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ASML Posts Record Revenues, and More

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After a rough third fiscal quarter, ASML  (NASDAQ: ASML  ) , the world's largest supplier of photolithography systems for the semiconductor industry, posted record quarterly earnings and a strong 2013 fiscal year that was largely driven by increased demand for the latest smartphones and tablets. Even so, the real star of its quarterly and yearly results is a new promising outlook in an often delayed technology that can yield strong long-term results.

The results
For the fourth quarter ending Dec. 31, 2013, ASML reported EPS of $1.46, beating the forecast $1.26 by 15.87%. Net income rose by 62% year over year to a record $657 million, up from $406 million a year earlier. Revenue rose 81% to $2.53 billion, up from $1.39 billion. Gross margins were strong at 43.6%, well within line of the company's standard. 

For fiscal 2013, ASML reported a record-breaking $7.19 billion in revenue, up 11% year over year, but it saw a decrease of 13% in net income, with a reported $1.38 billion. Gross margin remained strong at 41.5%. 

Why you should pay attention
Outside of continued success with its current photolithography machines -- of which the company sold 157 last year -- ASML has been continuing its research in the often-delayed EUV technology, a key component in allowing chipmakers to produce smaller, faster, less power-hungry chips with greater yields per wafer. Intel (NASDAQ: INTC  ) , Samsung  (NASDAQOTH: SSNLF  ) and Taiwan Semiconductor Manufacturing (NYSE: TSM  )  have invested more than $6.42 billion in ASML in hopes of accelerating the company's research. 

With Intel desperately wanting a larger presence in the tablet and smartphone markets, the company has invested the most heavily out of the three, with a $4.1 billion investment in ASML. Intel's big break in the mobile market could possibly come in the mid-to-late part of 2015, when the company will be shipping its first 14nm processor chip, code-named Broxton. With Intel having the best FinFET processes, which routinely puts the company years ahead of the competition, the industry could be caught off-guard with no answer to Intel's product line come 2015.

Luckily, Intel's two investment partners, Samsung and TSMC, have recently signed a contract where TSMC will be building 60%-70% of Apple's 14nm A9 chipsets using a 16nm FinFET process, with the remaining 30-40% being handled by Samsung using a 14nm FinFET process. This will prove to be a challenge for both companies, seeing as TSMC has already struggled meeting Apple's demand and that only Intel currently has the capabilities of using the FinFET process in producing chips in commercial quantities. Apple's iPhone 7 is rumored to be released during the second half of 2015.

Where ASML fits in
While EUV isn't necessary in the production of 14nm transistors, it is becoming more costly for chipmakers to manufacture smaller chips. In order to shrink chips without the use of EUVs, chipmakers can use current lithography machines with stronger light sources and triple patterning, but this process will heavily cut into both margins and yields. As chipsets become smaller, using EUVs will inevitably become essential.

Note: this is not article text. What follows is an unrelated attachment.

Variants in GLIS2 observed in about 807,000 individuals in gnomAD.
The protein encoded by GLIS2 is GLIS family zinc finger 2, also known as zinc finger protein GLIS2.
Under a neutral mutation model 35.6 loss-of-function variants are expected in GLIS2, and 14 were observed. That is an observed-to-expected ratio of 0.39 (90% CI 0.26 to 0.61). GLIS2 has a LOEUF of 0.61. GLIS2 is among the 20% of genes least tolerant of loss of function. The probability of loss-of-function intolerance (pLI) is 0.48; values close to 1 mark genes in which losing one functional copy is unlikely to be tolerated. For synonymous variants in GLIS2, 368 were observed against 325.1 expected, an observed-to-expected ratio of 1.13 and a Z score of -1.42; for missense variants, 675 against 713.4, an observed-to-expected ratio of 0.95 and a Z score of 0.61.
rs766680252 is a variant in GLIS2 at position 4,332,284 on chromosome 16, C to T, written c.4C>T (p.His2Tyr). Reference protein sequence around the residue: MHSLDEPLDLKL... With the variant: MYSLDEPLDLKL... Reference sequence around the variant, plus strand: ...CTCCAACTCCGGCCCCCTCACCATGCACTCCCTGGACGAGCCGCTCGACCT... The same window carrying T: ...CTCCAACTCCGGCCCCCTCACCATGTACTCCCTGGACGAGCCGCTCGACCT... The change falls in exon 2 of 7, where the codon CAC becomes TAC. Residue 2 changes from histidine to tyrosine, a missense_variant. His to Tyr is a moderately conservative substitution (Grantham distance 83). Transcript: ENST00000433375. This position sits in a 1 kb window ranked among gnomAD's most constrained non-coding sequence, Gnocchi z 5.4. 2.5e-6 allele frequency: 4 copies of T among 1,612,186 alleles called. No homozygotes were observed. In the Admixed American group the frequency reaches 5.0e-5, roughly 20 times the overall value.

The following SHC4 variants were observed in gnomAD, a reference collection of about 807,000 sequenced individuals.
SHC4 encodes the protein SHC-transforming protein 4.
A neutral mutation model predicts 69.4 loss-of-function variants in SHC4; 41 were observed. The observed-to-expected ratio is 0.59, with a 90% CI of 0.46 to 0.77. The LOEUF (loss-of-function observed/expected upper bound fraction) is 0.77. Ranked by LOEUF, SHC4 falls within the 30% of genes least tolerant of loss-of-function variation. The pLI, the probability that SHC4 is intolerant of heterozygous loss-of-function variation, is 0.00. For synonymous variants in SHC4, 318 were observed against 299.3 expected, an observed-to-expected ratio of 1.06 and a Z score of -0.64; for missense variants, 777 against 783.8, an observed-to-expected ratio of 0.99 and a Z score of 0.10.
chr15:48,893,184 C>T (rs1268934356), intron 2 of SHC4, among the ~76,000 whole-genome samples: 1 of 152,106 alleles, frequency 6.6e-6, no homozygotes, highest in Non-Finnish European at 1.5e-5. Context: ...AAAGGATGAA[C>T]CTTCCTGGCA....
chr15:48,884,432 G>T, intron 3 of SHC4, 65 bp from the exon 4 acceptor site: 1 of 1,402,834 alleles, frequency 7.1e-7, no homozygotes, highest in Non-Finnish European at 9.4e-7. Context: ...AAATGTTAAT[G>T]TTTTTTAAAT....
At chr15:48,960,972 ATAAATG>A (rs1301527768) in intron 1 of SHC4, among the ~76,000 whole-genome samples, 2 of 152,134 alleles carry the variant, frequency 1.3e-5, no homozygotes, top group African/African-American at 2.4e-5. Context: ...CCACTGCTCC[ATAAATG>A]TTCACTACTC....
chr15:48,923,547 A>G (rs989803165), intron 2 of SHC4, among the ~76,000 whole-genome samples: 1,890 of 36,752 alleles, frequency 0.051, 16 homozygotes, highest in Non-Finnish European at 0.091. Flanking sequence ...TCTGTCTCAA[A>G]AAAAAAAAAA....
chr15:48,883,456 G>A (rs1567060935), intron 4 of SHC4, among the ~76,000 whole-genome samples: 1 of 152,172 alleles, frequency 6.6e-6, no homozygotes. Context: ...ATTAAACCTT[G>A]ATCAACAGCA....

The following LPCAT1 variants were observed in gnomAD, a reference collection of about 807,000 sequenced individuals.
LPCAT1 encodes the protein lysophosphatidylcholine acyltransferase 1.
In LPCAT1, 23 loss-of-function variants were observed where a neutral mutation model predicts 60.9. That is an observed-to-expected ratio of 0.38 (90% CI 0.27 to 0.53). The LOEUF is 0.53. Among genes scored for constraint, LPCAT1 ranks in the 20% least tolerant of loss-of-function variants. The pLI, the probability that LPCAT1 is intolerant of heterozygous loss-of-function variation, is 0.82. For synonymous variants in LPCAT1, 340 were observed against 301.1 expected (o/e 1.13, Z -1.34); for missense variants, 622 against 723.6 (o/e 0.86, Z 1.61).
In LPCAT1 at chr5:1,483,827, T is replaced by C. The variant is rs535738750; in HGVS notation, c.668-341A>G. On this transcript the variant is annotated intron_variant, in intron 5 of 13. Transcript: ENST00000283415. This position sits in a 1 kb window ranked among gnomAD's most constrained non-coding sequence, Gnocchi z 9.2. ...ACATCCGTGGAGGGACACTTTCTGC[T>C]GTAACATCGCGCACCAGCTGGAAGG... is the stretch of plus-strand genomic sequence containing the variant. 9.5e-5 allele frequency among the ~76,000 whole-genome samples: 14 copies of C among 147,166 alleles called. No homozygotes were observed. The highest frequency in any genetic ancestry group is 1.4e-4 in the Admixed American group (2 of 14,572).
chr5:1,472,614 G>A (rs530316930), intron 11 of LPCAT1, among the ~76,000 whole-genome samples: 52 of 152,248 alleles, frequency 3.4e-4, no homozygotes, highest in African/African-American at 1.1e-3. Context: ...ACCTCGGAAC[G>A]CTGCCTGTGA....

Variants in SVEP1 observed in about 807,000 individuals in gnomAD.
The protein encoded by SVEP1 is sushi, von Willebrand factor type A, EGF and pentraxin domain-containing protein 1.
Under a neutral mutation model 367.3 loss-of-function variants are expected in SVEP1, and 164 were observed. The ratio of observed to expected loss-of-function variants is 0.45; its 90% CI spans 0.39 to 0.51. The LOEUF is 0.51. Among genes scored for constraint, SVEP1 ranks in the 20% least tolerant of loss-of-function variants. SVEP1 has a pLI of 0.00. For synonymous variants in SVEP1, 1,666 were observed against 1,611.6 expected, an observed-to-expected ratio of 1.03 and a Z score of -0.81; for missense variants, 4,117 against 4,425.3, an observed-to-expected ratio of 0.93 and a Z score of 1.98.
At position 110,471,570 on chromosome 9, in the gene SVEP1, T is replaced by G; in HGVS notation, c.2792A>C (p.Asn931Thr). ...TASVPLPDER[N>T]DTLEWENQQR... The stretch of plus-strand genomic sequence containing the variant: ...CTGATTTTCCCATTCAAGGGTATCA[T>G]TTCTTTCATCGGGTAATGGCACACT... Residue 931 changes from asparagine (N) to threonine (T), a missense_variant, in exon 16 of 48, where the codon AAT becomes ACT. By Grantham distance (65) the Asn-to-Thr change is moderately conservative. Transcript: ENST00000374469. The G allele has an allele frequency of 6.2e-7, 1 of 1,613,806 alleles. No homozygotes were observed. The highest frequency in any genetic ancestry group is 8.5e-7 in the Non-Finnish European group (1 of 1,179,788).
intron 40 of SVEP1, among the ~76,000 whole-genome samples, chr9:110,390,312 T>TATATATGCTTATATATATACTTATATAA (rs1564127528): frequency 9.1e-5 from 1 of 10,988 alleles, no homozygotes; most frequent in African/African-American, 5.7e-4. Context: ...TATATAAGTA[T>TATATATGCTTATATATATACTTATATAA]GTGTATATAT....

A highlight in ASML's fourth-quarter results is that after having sold its first EUV system in the previous quarter, the company has sold an additional three more. It also has an additional 14 in backlog, eight of which are expected to ship this year. While the semiconductor industry likes to closely guard its dealings, it's safe to assume that these shipments are arriving at the doorsteps of Intel, Samsung and TSMC.

While this is good news, customers that are currently ordering EUV machines are dealing with a lot of risks. They are expected to upgrade to models that offer more stability and higher productivity once they are released. According to a Bloomberg report, ASML isn't expected to reach the required stability levels in its EUV systems until the second half of 2016 or in 2017. Nonetheless, Chief Executive Officer Peter Wennink assures that "current EUV systems are at a level that is good enough for initial production for our customers".

The Foolish bottom line
ASML is projecting a strong 2014 first quarter, forecasting net sales at around €1.4 billion  -- $1.9 billion -- and a gross margin of around 42%. For the first half, the company is expecting revenue of €3 billion  -- around $4.1 billion -- excluding additional sales of EUV systems. With the semiconductor industry making significant investments in accelerating ASML research in EUV technology, and with the first four EUV machines having shipped and 14 more already in the backlog, ASML looks to remain strong through 2017.

While the company may be busy shrinking chips, you might want to consider growing your portfolio with ASML. 

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Rodmon Dehghi

Rodmon Dehghi has been writing for The Motley Fool since November 2013 and is interested in covering economics, media, energy, technology and most surprisingly, he would rather research and write about the gaming market than have his hands grip a controller.

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